The recommended C of G location on models of this nature is often shamefully incorrect and significantly too far back. Not so here, in fact so convinced was I that the balance point would be wrong, I took the precaution of adding 50g of lead up front. In the event I needn’t have worried for it wasn’t really necessary. That said, it hasn’t done any harm either, so I’ve left it in place.

Airborne and in the circuit you’ll find the flying characteristics delightful and the power adequate. Personally, I’d have liked a bit more grunt from the set-up, if only to perform large warbird-style loops and cloud-teasing reversals. As it is, there’s enough power to pull the model over the top of a medium size loop, but no more.
On a calm day the P-51 tracks beautifully in true fighter fashion, performing lovely barrel rolls, impressive climbing turns and terrific looking low passes. She really does look a treat doing this and, if you slow her up, at no time will she try to bite. Slow speed characteristics are superb, then, the result of a stalled wing being nothing more than a half-hearted wallowing and a loss of altitude. Actually, I’ve just returned from a flying session in which I flew the model in a 10 – 15mph breeze and, with 20° of flap deployed, I had it practically hovering above the patch. As I say, much too light!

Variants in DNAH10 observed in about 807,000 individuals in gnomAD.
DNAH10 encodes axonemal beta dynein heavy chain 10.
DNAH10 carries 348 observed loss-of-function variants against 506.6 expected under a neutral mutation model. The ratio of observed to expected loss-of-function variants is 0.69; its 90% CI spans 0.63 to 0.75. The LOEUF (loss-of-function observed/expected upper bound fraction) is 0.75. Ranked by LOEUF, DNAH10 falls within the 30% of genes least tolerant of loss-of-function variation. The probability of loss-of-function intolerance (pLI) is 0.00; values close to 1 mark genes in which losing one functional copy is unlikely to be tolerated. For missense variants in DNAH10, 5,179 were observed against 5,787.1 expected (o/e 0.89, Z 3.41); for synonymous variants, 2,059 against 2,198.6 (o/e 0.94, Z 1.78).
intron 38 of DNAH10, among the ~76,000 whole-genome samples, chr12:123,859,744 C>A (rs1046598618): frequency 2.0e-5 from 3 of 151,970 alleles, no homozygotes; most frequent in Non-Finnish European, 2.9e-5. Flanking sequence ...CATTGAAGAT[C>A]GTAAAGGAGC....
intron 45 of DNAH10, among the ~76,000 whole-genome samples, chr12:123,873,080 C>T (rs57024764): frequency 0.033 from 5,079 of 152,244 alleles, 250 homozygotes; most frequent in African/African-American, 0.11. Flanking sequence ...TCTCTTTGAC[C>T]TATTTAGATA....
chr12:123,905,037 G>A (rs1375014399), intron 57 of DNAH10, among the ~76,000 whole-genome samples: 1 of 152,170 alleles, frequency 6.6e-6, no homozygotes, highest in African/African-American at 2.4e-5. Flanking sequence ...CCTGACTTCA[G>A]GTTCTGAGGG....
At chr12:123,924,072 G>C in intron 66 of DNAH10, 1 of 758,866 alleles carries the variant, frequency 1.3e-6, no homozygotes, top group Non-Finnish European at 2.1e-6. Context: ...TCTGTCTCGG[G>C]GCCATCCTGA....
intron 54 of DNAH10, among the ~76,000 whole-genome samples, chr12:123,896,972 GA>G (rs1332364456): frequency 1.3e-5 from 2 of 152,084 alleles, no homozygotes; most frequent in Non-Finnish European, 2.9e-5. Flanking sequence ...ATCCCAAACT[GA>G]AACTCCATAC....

Of course, for anyone with tail-dragger experience all this makes landing a bit of a doddle. Dropping the gear has no effect on the trim and, because the model’s so lightly loaded, the flaps just aren’t necessary. I use them on calm days, not because they serve any useful purpose, but simply because they look good. A warbird coming in to land with wheels down and flaps deployed is an awe-inspiring spectacle and one you’ll thoroughly enjoy replicating with this P-51. On finals, don’t try and glide in for she’s likely to stop in the air. Instead, lose height early and come in on power keeping the tail slightly down in the three-point attitude. Do this and the P-51 will touch down beautifully under full control and without stressing the undercarriage. Drive her in hard and you’ll almost certainly damage something – probably that undercarriage which, although perfectly tough, isn’t built to be abused. Fact is, the landing stage is where you’ll need the most finesse and a good understanding of how far you can push the model’s flight envelope in pursuit of that classic three point touch-down.

Article continues below…

I’ve been flying my P-51 using one of two 4s Li-Pos, a 4300mAh and a 4600. With these I’ve enjoyed flight times of between 8-10 minutes. That’s a proper flight in my book and makes the model a very practical alternative to flying an i.c. job, particularly when you’re short of time. Cleaning i.c. models after a day at the field is not a job I mind in the slightest, but it is a job nonetheless and must still be factored in when contemplating the time you’re able to dedicate to a flying session. Of course, it’s not an issue with the P-51 and in this respect, the model’s bailed me out on more than one occasion when a few hours is all the that day allows.